One accessory found on pretty much every compound bow these days is a D-loop. The D-loop has 2 jobs. The first job is to give archers a place to hook their release to draw the bow. The second job is to serve as a nocking point - to hold the nock of the arrow and keep it from sliding up and down the string during the shot. Before D-loops, nocking points were either brass nock sets crimped onto the string, or a "nock tie" made up of several overlapping wraps of serving material tied on top of the center serving.
Most archers do not know that there are different styles of D-loops, along with different ways they can be installed or tied onto the string. The D-loop configuration, along with placement on the string, can affect many things, from how a bow tunes, to how your pin holds on the target while aiming. In this article, I'll explain a few different D-loop configurations and the effects they have on your setup.
The first configuration is what I consider a standard D-loop. This is the most common way to attach a D-loop. It pulls from straight behind the arrow and puts no force up or down onto the arrow shaft. I would say 95% of the time this configuration works excellent and promotes great accuracy. The downside to this configuration is the top and bottom of the loop can get too close together which created "nock pinch." Nock pinch does exactly what it sounds like, it pinches the nock and can create a scenario where your arrow lifts up off of the rest, especially when shooting at downward angles, like out of a tree stand. The longer the draw length is on a bow and the shorter it is axle to axle, the more susceptible this D-loop configuration is to creating nock pinch.
There are a couple companies that make metal versions of this D-loop. Instead of loop material being tied on, they clamp onto the string. I'm not a fan of metal loops and would try to talk anyone out of them, but to each their own.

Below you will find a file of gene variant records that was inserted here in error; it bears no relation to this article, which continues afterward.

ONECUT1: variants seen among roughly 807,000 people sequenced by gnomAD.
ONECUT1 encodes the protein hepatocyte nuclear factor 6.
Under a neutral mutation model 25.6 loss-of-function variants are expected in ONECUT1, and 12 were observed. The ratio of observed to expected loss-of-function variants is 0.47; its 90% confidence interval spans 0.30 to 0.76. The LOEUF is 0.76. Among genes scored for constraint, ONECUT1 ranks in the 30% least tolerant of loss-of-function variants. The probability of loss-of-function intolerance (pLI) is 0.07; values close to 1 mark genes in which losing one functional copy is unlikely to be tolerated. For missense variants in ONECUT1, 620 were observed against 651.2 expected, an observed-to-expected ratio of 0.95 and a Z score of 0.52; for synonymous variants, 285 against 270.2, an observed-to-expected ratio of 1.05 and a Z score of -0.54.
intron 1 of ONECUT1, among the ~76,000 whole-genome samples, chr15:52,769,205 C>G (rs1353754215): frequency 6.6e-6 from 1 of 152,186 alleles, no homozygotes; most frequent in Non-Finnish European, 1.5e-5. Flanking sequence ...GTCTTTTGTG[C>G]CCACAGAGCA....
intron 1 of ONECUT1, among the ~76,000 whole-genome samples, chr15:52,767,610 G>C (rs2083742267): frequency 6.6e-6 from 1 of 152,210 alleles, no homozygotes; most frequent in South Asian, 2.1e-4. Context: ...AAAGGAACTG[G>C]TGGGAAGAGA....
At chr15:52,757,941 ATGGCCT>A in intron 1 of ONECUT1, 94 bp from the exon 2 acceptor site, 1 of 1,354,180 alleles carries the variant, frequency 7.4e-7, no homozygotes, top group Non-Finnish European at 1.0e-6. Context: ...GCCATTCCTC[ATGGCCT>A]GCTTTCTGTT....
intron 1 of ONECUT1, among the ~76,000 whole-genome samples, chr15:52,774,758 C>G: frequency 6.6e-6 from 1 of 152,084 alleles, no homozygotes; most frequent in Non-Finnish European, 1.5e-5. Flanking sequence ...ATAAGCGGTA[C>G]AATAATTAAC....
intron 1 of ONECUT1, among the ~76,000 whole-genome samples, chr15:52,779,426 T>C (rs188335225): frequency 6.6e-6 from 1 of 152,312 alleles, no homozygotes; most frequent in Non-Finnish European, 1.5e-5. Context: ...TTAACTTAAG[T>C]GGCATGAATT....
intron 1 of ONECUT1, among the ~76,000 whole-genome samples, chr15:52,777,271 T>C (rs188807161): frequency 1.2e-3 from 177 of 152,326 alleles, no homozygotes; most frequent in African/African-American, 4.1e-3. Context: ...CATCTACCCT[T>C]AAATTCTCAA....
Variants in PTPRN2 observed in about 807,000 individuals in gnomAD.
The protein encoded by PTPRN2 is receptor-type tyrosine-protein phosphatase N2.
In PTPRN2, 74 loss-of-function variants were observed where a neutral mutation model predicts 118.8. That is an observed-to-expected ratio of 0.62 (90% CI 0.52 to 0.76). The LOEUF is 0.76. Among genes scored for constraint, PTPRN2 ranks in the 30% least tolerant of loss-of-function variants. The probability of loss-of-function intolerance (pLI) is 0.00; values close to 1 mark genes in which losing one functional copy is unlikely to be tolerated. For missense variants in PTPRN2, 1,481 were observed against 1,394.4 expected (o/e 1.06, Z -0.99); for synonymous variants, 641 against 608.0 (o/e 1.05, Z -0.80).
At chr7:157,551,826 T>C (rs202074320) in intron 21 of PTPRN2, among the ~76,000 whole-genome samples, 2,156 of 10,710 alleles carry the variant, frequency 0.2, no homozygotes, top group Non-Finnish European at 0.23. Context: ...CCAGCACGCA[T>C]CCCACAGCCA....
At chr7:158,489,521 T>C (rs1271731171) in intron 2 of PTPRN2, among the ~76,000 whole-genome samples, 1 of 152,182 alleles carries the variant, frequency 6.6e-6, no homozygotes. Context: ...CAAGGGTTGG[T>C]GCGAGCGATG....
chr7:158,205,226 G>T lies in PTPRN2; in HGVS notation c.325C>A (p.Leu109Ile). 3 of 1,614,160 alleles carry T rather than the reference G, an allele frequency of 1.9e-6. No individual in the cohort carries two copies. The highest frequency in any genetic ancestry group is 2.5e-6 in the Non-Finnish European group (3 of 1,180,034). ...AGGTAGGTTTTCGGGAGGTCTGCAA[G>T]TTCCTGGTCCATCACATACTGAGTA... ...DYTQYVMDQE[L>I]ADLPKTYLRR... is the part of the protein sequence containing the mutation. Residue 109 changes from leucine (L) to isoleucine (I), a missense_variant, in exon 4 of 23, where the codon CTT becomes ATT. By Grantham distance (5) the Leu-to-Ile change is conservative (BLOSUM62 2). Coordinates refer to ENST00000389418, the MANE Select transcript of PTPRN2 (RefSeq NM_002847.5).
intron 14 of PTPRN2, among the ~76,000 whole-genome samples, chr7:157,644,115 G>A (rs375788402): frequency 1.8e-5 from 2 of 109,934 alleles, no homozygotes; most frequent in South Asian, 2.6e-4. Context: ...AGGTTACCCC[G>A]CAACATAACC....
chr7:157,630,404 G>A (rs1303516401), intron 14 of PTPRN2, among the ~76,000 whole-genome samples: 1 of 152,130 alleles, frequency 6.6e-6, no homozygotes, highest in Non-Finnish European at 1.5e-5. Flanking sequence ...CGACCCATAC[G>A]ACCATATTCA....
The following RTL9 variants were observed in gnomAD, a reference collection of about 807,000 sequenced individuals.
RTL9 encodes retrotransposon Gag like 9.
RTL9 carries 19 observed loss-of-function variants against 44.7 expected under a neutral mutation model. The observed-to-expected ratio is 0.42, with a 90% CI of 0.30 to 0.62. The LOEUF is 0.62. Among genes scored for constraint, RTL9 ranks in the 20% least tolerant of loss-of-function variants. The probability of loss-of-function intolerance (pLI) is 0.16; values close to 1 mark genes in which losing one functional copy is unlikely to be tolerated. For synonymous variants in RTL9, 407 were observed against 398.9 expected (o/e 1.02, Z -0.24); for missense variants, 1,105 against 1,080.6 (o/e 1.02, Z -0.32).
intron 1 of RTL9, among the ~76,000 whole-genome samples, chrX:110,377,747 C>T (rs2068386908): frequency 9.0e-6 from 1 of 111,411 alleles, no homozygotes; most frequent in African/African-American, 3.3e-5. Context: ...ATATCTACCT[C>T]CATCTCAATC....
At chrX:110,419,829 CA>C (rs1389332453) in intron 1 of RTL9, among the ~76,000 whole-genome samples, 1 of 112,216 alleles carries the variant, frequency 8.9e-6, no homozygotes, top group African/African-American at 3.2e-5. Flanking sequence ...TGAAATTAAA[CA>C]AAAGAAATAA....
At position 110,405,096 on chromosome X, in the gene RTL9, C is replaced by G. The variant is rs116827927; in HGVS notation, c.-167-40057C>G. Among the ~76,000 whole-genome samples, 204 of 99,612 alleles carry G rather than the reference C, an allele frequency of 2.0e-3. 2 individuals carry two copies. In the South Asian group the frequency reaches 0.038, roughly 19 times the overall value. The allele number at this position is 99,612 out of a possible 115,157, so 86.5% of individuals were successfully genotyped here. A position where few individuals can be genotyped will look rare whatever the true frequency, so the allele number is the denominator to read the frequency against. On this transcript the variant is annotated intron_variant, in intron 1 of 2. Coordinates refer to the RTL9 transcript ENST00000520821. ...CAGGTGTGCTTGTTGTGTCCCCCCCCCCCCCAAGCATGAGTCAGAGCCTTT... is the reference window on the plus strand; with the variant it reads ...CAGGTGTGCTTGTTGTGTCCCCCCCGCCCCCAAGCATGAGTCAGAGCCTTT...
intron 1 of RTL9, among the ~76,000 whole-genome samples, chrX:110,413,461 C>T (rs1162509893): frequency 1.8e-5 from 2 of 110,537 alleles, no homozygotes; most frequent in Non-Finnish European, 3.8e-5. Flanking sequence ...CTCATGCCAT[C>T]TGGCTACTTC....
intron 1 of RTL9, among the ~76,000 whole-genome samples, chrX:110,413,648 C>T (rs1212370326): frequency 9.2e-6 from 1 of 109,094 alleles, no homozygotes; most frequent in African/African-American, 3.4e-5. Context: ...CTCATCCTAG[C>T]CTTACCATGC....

Standard D-loop with Lower Nock Tie
Up next is the same as the standard D-loop above, except it has a nock tie inside the bottom loop knot. This configuration gives you the advantages of the standard D-loop, but also creates down force on the arrow. That down force will keep the arrow shaft pushed down onto the rest even at steep downhill angles. I've had this configuration work almost every time, however, there have been a few cases where the bow didn't tune the way I wanted it with the added down force on the arrow shaft.
Standard D-loop with Upper & Lower Nock Ties
This brings us to the next configuration, which is a standard D-loop with nock ties above and below the arrow, but still inside of the loop knots. With this setup, the nock ties keep the loop from creating nock pinch, even at steep angles. So, just like the standard D-loop, you're pulling from straight behind the arrow with no added force being applied up or down on the arrow shaft. Again, some bow setups like a little down pressure on the arrow and some don't.
The last style of D-loop is called a torqueless D-loop. Instead of loop material, like all the other configurations I've mentioned, these are made from bowstring material. Serving is then applied to the middle where the release will make contact. This style doesn't get tied onto the string, instead it has a loop and gets cinched through itself. It's not something I would recommend for a hunting setup, so I won't go into detail here. They are softer which makes them harder to acquire quickly, especially if you're not looking down at it.
Unfortunately, there's no manual that can tell you what configuration of D-loop will work best with your shooting style and bow setup. An educated guess, along with some trial and error, will eventually lead you to the most forgiving setup possible. Hopefully this insight into D-loops will help someone get that much closer to their archery goals.
This is the first in a series about D-loops for compound bows. The next blog post will focus on D-loop placement.